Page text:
In the fifth installment of NHL Power Rankings by position, I'm taking a look at the 10 best goaltenders in the NHL today.
But first, a few ground rules. In order to qualify as a "goaltender," the player must be listed on NHL.com's 2010-11 regular season statistics page as a G (obviously) and have played a minimum of 41 regular season NHL games last year.
Beyond that, I've taken into account a number of factors when crafting this list: puck-stopping proclivity, puck-handling ability, defensive awareness and positioning, leadership and strength of the team in front of the netminder—some goaltenders really do have it easier than others!
And without further ado, here they are. The 10 best netminders in the NHL today. Enjoy! Comments are welcome and appreciated!
These five (well, six) netminders weren't quite up to the challenge of being one of the 10 best, but they were close and deserved to be recognized as some of the best in the business.
1. Martin Brodeur, New Jersey Devils
2. Jaroslav Halak, St. Louis Blues
3. Miikka Kiprusoff, Calgary Flames
4. Niklas Backstrom, Minnesota Wild
5a. Jonas Hiller, Anaheim Ducks
5b. Jonathan Quick, Los Angeles Kings
Marc-Andre Fleury has the natural talent to be much higher on this list, if he would develop some consistency in his game. The Penguins netminder continued his up-and-down play in 2010-2011, posting stretches of unbelievable dominance and periods of abysmal play.
Fleury is an enigma for a netminder.
On one hand, he has otherworldly reflexes and quickness. On the other, a tendency to completely lose focus and concentration. When he's "hot," he's unbeatable. When he's not, he looks like he belongs in the AHL.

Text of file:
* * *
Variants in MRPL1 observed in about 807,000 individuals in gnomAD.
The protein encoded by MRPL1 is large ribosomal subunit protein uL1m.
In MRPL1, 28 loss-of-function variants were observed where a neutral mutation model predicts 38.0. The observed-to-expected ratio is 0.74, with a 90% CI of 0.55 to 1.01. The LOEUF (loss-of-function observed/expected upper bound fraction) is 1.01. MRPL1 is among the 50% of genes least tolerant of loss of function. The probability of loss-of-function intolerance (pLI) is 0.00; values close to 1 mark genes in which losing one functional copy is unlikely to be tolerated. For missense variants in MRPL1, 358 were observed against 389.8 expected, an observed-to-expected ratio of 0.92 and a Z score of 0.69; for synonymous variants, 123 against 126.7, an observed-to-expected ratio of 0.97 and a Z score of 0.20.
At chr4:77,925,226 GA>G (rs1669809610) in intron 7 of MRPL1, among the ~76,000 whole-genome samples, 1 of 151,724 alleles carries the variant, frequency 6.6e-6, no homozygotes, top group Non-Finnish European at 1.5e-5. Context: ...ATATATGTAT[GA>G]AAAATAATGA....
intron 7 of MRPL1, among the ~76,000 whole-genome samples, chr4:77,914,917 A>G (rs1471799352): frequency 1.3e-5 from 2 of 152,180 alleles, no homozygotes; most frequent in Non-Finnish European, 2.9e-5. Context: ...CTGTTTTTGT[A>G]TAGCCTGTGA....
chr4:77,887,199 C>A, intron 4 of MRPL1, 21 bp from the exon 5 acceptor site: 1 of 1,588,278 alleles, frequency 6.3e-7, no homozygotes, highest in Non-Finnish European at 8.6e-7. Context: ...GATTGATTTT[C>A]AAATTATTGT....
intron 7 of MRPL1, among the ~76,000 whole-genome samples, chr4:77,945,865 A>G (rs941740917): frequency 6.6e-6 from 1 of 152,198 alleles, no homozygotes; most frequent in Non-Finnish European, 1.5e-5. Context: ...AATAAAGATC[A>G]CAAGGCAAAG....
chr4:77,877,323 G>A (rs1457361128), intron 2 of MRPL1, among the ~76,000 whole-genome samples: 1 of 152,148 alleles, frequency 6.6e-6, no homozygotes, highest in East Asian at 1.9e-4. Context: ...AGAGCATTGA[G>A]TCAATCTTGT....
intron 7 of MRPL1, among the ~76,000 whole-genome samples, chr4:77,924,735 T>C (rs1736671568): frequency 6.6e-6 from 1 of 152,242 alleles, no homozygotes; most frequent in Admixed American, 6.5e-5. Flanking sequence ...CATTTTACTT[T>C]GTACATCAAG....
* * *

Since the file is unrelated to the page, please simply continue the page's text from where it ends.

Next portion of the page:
He has demonstrated an ability to carry a team deep into the playoffs, to make near-impossible saves look easy and to elevate his level of play when it matters most. For that (and for his otherworldly talent), he receives a spot on this list.
However, until Fleury improves his fundamentals and focus, adds consistency to his game and learns to handle the puck, he will remain barely a Top 10 goaltender.
When I initially laid out this list, I had Carey Price just out of the Top 10 at No. 11. That changed after I re-watched his performance against the Bruins during the 2011 Stanley Cup playoffs.
Price's play during the regular season was impressive, to say the least. He managed to post stellar numbers despite playing behind a defense that lost its best player in Andrei Markov to injury. He routinely carried the Canadiens to victories in games they didn't deserve to win, he made incredibly difficult saves look routine and he did it all while playing in possibly the most intense hockey market in the world.
Impressive, to say the least.
It isn't a secret that Carey Price is an insanely talented young netminder. He has the ability to go post-to-post as fast as just about anyone in the NHL, he is technically sound, possesses strong fundamentals and always plays within himself. He isn't easily rattled in net, he doesn't over-commit moving laterally and he owns some tremendous reflexes.
However, it also isn't a secret that he has had serious consistency issues. For whatever reason, Price has struggled to put all of the pieces together on the ice. He has been prone to cold streaks, to lapses in concentration and to making bad decisions with the puck.
While re-watching the Bruins/Canadiens series, I finally saw Price put all of the pieces together for a consistent stretch of time. He was stellar, outplaying Tim Thomas and a vastly superior Bruins team to force a Game 7.